Jason Kelce delivered one of the single greatest championship day rants of all time. Dressed in a full Mummers costume, a nod to the outfits worn in the New Year's Day parade held annually in Philadelphia, Kelce was seen high-fiving fans and riding a bicycle during the parade route, but he saved his best for last.
Still in costume, Kelce stepped to the microphone on the art museum steps and called out many of the hot takes that have been said and written about these Eagles. The one person Kelce called out by name was former longtime NFL executive Mike Lombardi.
"When Doug Pederson was hired, he was rated as the worst coaching hire by a lot of freaking analysts out there in the media," Kelce said. "This past offseason, some clown named Mike Lombardi told him that he was the least qualified head coach in the NFL! Doug Pederson! The man who went for it on fourth down in the Super Bowl with a trick play! He wasn't playing just to be mediocre. He's playing for a Super Bowl. And it don't stop with him. It does not stop with him."
Lombardi heard the speech and responded via Twitter shortly after Kelce ended his speech with a flurry of curse words.

It's hard to argue with Doug's results.
Entering this season, Lombardi was very critical of Pederson but later backtracked on his comments and actually picked the Eagles to win the Super Bowl against his former employer, the New England Patriots, when many thought the Eagles were overmatched.
The Eagles have fed off the negative comments of others and their underdog status and, perhaps, it's one of the contributing factors to their success this season.

Eagles see themselves in us and that's why this is so unique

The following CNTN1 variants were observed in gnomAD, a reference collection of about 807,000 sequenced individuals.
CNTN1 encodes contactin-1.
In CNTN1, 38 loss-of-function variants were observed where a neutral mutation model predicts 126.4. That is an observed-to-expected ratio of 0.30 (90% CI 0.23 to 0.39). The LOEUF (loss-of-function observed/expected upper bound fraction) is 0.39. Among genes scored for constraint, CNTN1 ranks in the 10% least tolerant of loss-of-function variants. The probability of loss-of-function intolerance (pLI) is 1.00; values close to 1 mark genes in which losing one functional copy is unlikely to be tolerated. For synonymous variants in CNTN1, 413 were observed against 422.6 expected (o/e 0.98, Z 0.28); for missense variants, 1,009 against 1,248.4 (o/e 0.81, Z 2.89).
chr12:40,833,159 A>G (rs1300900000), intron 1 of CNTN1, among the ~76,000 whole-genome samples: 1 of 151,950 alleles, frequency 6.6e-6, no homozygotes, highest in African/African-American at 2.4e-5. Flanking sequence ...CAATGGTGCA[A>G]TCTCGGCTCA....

Eagles see themselves in us and that's why this is so unique

The Columbus Panhandles were an NFL team from the 1920s whose players worked in the Central Ohio panhandle shops of the Pennsylvania Railroad. 

The Dayton Flyers also played in the 1920s, and their roster was composed mainly of workers from the Dayton Metal Products Company. 

The Decatur Staleys were made up of workers at the Staley Manufacturing Plant in Chicago (and later became the Bears).

That was the early NFL, before it was even called the NFL. Many of the teams had been around for years, playing as sandlot teams or semi-pro teams before the formation of the American Professional Football Association — which became the NFL when league owners met in 1920 at the Hupmobile showroom in Canton, Ohio.

The early history of the NFL is a fascinating one. Most teams were based in industrial midwestern towns and made up of local athletes from those towns, and so they really reflected the personality of those towns.

Teams came and went before the league developed some stability in the early 1930s. The institution of a college draft in 1933 meant rosters were no longer mainly comprised of local athletes. The league grew and changed and evolved over the years, eventually into the multi-billion industry it is now.

Which brings us to the 2017 Eagles and why this team is so special and so unique.

I've never seen a team that is a better fit for its city than this one. 

Times have changed and the modern NFL has very little in common with the old APFA of a century ago. But what this team does share with those teams is a very deep, strong and profound bond between the players and the fans.

Just like those factory workers who were the early pro football players in Columbus and Dayton and Chicago and all those other Midwestern industrial towns truly represented the towns they came from, so does this group.